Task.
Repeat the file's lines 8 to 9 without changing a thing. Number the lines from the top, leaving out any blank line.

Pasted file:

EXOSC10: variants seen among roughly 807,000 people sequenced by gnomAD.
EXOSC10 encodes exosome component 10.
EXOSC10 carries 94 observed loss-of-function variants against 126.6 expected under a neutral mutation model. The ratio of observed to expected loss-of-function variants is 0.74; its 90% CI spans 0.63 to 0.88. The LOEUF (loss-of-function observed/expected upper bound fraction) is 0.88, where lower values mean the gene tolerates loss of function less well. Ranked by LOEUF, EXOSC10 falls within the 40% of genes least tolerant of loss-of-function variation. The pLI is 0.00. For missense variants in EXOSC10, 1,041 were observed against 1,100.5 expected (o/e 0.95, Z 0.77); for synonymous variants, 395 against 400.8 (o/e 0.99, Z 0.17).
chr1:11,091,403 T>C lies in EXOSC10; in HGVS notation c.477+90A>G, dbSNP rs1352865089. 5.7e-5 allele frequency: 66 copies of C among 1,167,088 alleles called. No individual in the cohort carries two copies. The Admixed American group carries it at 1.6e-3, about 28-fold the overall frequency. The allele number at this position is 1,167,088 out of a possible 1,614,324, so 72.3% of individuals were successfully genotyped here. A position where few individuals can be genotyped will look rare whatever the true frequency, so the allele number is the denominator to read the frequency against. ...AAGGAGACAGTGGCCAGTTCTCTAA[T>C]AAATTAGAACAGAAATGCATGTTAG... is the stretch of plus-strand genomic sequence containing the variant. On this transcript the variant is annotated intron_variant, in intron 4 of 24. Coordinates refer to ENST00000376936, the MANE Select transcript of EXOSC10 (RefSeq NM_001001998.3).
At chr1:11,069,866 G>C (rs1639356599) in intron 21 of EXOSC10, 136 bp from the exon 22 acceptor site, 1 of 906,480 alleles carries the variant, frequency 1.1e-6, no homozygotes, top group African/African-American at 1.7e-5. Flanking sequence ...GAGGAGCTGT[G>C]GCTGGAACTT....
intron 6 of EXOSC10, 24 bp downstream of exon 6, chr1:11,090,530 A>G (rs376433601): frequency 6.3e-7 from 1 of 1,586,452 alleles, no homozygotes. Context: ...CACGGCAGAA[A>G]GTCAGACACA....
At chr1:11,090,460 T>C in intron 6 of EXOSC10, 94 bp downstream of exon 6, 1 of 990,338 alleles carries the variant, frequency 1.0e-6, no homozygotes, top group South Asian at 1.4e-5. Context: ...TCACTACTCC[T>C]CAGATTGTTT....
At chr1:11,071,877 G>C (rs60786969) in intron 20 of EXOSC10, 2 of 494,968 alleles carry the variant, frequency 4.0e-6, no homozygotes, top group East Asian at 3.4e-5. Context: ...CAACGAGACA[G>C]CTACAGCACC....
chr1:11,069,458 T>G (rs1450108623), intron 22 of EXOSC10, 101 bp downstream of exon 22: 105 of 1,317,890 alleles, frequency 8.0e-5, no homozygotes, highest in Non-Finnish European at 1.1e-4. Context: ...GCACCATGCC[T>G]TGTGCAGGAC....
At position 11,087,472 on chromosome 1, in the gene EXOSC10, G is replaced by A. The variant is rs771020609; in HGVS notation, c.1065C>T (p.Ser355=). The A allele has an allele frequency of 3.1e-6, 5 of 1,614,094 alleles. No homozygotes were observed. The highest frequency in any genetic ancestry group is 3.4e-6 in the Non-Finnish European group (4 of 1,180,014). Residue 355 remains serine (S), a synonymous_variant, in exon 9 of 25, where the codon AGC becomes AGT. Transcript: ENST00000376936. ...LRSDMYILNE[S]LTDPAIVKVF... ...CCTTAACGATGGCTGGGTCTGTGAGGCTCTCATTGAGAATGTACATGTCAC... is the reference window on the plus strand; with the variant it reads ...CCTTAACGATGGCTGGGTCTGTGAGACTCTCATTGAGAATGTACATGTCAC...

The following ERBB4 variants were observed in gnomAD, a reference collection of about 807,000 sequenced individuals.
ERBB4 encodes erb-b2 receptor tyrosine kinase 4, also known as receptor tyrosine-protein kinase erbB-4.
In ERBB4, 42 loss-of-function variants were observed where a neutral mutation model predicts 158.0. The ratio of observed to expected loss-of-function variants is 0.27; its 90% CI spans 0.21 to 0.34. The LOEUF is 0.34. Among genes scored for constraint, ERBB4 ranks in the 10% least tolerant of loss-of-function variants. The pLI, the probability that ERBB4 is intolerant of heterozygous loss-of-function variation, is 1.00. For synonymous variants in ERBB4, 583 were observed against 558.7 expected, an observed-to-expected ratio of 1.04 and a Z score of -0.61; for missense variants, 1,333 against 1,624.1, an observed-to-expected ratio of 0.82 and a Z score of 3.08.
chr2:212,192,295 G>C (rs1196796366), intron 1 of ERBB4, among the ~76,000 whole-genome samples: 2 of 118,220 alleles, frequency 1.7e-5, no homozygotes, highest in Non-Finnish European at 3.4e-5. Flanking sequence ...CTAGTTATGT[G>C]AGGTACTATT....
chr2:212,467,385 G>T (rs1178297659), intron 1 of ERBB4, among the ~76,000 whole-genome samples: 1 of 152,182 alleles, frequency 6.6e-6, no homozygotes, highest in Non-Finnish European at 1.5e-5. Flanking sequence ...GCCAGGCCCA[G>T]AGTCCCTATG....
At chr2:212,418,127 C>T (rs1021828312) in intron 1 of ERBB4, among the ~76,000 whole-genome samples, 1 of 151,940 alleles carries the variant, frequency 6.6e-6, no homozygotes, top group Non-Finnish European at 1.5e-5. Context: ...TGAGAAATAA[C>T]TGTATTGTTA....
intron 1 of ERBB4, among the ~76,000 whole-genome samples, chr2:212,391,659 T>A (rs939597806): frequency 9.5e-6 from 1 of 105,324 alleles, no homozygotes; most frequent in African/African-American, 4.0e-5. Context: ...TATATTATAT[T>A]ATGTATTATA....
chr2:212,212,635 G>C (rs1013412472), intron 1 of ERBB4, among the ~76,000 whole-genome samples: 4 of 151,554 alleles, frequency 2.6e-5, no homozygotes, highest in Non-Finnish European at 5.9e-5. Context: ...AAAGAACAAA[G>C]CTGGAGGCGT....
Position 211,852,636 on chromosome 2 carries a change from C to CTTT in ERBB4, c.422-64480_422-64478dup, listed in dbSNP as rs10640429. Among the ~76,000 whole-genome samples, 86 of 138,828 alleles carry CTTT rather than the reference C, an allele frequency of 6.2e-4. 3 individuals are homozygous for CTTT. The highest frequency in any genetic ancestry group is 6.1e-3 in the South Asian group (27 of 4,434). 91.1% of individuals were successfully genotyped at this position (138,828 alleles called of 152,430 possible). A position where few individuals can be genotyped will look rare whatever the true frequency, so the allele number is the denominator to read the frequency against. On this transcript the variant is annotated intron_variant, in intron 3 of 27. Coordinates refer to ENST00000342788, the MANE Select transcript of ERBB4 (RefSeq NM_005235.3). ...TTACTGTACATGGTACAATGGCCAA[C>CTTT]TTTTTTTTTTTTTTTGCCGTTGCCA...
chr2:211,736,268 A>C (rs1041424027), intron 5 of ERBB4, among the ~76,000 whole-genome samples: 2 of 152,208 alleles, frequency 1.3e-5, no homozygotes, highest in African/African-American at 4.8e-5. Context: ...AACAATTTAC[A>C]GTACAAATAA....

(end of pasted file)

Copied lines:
At chr1:11,071,877 G>C (rs60786969) in intron 20 of EXOSC10, 2 of 494,968 alleles carry the variant, frequency 4.0e-6, no homozygotes, top group East Asian at 3.4e-5. Context: ...CAACGAGACA[G>C]CTACAGCACC....
chr1:11,069,458 T>G (rs1450108623), intron 22 of EXOSC10, 101 bp downstream of exon 22: 105 of 1,317,890 alleles, frequency 8.0e-5, no homozygotes, highest in Non-Finnish European at 1.1e-4. Context: ...GCACCATGCC[T>G]TGTGCAGGAC....